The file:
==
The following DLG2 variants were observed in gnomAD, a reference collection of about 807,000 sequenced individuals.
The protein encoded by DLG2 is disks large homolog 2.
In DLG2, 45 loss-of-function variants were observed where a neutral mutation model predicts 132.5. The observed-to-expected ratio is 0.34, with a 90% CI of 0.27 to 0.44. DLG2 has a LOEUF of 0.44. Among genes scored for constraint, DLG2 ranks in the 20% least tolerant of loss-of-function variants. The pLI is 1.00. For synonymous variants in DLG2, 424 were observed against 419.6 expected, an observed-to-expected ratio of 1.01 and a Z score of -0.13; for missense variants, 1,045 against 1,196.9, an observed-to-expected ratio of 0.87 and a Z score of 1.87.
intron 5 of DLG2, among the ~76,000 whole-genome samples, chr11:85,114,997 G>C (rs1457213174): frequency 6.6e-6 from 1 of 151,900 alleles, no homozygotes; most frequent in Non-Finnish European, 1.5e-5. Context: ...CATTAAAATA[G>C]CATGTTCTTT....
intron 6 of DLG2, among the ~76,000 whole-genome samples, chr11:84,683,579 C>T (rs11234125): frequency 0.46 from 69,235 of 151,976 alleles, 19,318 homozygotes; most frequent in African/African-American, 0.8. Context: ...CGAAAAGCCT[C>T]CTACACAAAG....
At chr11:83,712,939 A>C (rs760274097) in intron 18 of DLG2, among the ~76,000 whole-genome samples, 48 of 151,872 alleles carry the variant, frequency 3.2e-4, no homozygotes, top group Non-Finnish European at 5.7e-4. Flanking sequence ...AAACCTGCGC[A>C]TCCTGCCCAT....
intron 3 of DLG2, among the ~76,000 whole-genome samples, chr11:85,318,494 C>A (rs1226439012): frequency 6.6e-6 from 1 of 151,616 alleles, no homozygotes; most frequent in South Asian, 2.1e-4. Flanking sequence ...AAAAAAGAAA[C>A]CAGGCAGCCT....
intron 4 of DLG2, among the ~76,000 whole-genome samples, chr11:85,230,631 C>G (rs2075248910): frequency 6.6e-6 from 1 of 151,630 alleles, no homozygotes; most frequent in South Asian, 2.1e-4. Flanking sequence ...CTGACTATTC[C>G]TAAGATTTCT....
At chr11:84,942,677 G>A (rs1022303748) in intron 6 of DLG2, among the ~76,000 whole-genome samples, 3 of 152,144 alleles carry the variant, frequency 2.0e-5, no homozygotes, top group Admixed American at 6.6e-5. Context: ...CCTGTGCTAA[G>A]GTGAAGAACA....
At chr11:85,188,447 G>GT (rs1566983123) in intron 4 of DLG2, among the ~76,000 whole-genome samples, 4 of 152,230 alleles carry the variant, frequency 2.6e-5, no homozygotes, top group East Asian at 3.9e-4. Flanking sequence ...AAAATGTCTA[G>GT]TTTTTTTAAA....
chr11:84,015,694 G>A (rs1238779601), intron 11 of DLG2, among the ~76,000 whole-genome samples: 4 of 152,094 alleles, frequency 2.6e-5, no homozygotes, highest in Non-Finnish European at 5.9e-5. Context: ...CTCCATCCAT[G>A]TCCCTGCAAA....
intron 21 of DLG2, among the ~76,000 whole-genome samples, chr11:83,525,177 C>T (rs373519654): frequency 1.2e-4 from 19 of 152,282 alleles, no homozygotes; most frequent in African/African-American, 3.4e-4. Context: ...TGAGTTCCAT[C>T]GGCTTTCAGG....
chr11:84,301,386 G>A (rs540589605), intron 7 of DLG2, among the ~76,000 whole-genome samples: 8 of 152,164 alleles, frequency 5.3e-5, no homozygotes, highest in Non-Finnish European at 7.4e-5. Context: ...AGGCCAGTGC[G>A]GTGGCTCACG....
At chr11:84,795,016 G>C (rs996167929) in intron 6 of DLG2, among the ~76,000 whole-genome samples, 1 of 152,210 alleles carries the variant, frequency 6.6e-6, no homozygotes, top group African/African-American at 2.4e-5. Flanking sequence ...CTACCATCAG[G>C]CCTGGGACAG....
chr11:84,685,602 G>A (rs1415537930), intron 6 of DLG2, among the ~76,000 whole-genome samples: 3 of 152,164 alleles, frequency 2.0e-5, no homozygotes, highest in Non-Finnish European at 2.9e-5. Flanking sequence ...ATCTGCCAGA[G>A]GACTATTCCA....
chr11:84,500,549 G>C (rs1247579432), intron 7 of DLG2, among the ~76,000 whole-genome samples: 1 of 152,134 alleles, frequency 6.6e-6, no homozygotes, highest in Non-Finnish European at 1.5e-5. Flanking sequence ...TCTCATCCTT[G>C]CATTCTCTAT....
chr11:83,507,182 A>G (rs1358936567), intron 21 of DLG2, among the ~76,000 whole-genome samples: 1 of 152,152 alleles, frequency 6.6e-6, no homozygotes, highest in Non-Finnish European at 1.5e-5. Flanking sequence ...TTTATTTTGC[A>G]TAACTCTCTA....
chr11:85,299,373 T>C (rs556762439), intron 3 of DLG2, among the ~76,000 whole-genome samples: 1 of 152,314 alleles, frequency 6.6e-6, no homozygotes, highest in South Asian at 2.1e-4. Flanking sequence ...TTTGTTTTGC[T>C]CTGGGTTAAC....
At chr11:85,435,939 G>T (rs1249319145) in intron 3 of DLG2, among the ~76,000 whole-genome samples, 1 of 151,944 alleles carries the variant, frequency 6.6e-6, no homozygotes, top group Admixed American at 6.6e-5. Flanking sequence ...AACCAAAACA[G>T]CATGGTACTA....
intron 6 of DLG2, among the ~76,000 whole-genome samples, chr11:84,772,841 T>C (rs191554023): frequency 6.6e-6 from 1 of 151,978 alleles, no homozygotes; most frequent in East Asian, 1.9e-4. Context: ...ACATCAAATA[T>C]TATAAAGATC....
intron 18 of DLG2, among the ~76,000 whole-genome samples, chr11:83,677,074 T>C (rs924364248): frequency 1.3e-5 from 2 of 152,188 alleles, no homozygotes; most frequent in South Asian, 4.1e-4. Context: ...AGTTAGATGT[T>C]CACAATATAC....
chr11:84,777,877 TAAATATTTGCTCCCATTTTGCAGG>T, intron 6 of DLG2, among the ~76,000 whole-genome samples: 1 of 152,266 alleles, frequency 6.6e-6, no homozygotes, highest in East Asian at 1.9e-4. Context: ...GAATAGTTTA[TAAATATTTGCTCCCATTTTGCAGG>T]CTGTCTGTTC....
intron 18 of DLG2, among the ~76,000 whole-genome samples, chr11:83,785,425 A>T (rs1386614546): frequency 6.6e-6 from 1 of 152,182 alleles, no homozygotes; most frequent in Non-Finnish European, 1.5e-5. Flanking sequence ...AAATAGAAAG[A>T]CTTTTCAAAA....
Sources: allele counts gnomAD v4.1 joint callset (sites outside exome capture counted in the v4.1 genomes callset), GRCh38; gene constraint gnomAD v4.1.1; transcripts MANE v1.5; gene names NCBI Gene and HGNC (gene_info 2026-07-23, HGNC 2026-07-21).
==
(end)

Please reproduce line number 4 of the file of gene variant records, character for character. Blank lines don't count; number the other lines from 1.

intron 5 of DLG2, among the ~76,000 whole-genome samples, chr11:85,114,997 G>C (rs1457213174): frequency 6.6e-6 from 1 of 151,900 alleles, no homozygotes; most frequent in Non-Finnish European, 1.5e-5. Context: ...CATTAAAATA[G>C]CATGTTCTTT....